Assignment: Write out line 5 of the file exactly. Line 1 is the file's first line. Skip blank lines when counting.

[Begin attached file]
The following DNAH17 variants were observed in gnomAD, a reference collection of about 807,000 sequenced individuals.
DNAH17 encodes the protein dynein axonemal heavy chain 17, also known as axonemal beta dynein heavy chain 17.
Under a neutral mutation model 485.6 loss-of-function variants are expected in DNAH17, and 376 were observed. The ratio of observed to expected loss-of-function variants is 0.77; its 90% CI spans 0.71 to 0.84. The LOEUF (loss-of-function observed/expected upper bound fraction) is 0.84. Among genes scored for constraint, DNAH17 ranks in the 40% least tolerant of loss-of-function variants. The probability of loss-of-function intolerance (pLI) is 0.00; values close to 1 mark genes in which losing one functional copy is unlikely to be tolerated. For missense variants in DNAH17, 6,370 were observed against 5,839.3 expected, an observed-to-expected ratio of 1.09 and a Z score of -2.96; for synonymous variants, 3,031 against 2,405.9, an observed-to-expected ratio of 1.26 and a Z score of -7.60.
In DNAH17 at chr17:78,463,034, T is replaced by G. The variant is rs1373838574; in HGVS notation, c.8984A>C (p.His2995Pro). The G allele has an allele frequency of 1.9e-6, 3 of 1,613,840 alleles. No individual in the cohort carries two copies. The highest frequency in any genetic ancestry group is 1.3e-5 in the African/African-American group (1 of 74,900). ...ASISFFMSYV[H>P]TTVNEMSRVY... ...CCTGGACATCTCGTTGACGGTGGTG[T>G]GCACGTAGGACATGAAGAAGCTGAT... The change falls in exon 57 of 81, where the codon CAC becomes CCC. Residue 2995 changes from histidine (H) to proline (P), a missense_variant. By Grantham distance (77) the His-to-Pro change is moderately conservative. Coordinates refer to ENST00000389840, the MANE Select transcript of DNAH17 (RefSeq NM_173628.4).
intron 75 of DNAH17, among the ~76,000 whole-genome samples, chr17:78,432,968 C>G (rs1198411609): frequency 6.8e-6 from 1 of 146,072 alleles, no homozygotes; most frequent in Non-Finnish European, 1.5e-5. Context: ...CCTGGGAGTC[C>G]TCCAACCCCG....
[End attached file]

intron 75 of DNAH17, among the ~76,000 whole-genome samples, chr17:78,432,968 C>G (rs1198411609): frequency 6.8e-6 from 1 of 146,072 alleles, no homozygotes; most frequent in Non-Finnish European, 1.5e-5. Context: ...CCTGGGAGTC[C>G]TCCAACCCCG....